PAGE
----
]. The recent meta-analysis suggested stronger relative risks at older ages that were limited to the 25% to 49% category (versus less than 5%) but no consistent increase across all categories [3
]. Importantly, a larger proportion of premenopausal women have dense breasts (greater than 50% dense), with estimates of 37% among premenopausal women compared with 12% among postmenopausal women. Even without significant differences in association by menopausal status, the attributable risk is much higher in younger women (26%) than in older women (7%) [6
]. This underscores the importance of MD for potential risk prediction in younger women.
Unfortunately, due to the nature of this trait's dependence on a mammogram for estimation, the significance of MD in young women below mammogram age is unknown.
In addition, MD has been seen to be associated with increased risk across several ethnic groups. Studies of Caucasians, African-Americans, and Asian-Americans [12
] have all shown increased risk with percentage or area density. However, the magnitude of association has been weaker [14
] or inconsistent in the Asian and Asian-American populations [12
], questioning the importance of this predictor in the Asian population. In fact, some have suggested that absolute area of density is a better measure of breast cancer risk than percentage density in the Asian population due to their distinct physical proportions [33
]. In general, MD assessed as the parenchymal pattern, percentage density, and absolute area of density appears to be a strong risk factor in a number of populations.
More than masking bias
The relationship between MD and breast cancer is thought to be multifactorial, and in early studies, the main explanation was thought to be due to 'masking bias' [34
]. In breasts with extensive MD, cancers may be masked because they have the same x-ray attenuation properties as fibroglandular tissue. At an initial mammogram, then, cancers in dense breasts would often escape detection and could manifest themselves shortly thereafter. Therefore, the sole inclusion of incident cases arising shortly after a negative screening examination would erroneously give the impression of increased breast cancer risk in women with extensive MD. The MD and breast cancer association was expected to disappear with longer follow-up and repeated screening. But two large cohort studies from the 1990s [4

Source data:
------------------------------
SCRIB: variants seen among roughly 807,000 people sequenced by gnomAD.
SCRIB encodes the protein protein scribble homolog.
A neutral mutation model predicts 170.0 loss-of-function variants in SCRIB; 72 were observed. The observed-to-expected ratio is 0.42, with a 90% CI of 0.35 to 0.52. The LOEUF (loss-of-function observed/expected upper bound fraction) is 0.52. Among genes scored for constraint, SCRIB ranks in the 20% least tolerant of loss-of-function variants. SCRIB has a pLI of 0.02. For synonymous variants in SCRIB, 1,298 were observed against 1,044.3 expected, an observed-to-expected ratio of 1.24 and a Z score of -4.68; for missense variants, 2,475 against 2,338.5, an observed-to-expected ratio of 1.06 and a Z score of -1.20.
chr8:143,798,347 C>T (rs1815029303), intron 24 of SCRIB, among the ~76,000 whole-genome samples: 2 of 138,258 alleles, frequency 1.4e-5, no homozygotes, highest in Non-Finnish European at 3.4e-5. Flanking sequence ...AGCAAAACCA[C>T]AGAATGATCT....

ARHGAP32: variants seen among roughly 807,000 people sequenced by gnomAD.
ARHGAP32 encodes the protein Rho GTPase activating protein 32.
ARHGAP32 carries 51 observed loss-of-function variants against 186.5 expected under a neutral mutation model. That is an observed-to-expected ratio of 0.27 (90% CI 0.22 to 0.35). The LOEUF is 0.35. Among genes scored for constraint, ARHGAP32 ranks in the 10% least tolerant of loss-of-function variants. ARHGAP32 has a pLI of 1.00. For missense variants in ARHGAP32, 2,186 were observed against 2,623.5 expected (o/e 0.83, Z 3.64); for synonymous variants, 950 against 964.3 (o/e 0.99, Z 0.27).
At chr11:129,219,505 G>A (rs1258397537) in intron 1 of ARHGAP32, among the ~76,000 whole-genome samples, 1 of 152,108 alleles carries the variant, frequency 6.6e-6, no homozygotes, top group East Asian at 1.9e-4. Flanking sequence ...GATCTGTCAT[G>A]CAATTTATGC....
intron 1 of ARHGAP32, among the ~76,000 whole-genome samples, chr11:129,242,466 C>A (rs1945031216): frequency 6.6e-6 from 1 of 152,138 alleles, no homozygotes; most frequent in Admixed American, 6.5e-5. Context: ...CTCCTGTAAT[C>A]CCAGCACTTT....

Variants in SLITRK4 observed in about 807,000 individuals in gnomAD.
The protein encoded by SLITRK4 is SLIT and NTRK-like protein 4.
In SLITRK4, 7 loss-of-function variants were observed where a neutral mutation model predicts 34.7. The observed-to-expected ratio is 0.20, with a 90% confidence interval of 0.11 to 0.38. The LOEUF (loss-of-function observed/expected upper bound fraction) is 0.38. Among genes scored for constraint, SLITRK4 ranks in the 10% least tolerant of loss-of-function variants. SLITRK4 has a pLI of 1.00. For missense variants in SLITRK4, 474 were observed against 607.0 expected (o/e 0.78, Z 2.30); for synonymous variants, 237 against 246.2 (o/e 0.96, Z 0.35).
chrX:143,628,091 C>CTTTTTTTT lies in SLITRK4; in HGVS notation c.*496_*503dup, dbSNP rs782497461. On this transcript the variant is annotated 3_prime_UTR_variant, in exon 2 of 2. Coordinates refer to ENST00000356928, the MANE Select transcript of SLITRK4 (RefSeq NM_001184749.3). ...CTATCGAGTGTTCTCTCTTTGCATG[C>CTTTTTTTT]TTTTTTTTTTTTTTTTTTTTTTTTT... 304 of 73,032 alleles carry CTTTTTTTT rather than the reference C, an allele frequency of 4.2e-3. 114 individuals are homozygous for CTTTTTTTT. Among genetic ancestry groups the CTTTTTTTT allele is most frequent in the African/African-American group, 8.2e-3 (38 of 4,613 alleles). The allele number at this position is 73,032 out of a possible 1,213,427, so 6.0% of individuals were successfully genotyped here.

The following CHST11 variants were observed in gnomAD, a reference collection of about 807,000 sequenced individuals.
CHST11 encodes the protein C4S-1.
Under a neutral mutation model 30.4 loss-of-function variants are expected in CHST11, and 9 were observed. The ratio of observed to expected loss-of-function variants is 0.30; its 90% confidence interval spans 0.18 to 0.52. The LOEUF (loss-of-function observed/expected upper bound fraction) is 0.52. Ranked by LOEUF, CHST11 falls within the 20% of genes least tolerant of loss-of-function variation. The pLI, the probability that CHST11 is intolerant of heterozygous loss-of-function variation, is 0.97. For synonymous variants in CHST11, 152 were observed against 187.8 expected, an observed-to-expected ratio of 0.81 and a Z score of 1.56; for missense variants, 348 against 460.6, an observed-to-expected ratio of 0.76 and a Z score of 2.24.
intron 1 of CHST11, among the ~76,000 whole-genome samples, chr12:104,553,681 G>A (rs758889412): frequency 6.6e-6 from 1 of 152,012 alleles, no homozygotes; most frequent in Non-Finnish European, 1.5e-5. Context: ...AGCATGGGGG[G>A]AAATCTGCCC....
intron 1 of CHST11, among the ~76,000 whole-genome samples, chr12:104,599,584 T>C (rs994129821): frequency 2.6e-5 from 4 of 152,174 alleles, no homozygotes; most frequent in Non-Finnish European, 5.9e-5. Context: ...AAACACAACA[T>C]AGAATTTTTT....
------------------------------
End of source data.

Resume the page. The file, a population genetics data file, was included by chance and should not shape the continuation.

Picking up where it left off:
] challenged the 'masking bias' hypothesis, finding increased breast cancer risks for at least 7 to 10 years after a screening examination. This is also confirmed in the latest large-scale studies on MD and breast cancer risk [6
]. Furthermore, although relative risks for breast cancer are higher when studying incident cases diagnosed relatively shortly after a negative examination than when studying prevalent cases, risk is still strong among prevalent cases [36
]. Similarly, although relative risks are higher when studying interval cancers than when studying screen-detected cancers, studies of screen-detected cancers still demonstrate a strong association [6
]. This was recently illustrated in three nested case-control studies by Boyd and colleagues [6
], who found that compared with women with density in less than 10% of the mammogram, women with more than 75% density had an increased risk of breast cancer (odds ratio [OR] = 4.7; 95% confidence interval [CI]: 3.0, 7.4), whether detected by screening (OR = 3.5; 95% CI: 2.0, 6.2) or detected within 12 months of a negative screening examination (OR = 17.8; 95% CI: 4.8, 65.9).
In summary, the MD and breast cancer association is robust irrespective of measurement of MD, strong in magnitude, not explained by masking bias, independent of the influence of other risk factors, and generalizable to several populations, including both premenopausal and postmenopausal women. Due to the high prevalence of increased MD in the population, this risk factor could explain a large proportion of breast cancers as well as provide additional clinical information for breast cancer risk prediction. Translating the estimates of risk corresponding to different levels of MD into a model that could be used as an assessment tool for breast cancer risk prediction is a logical consideration and is explored in the following section.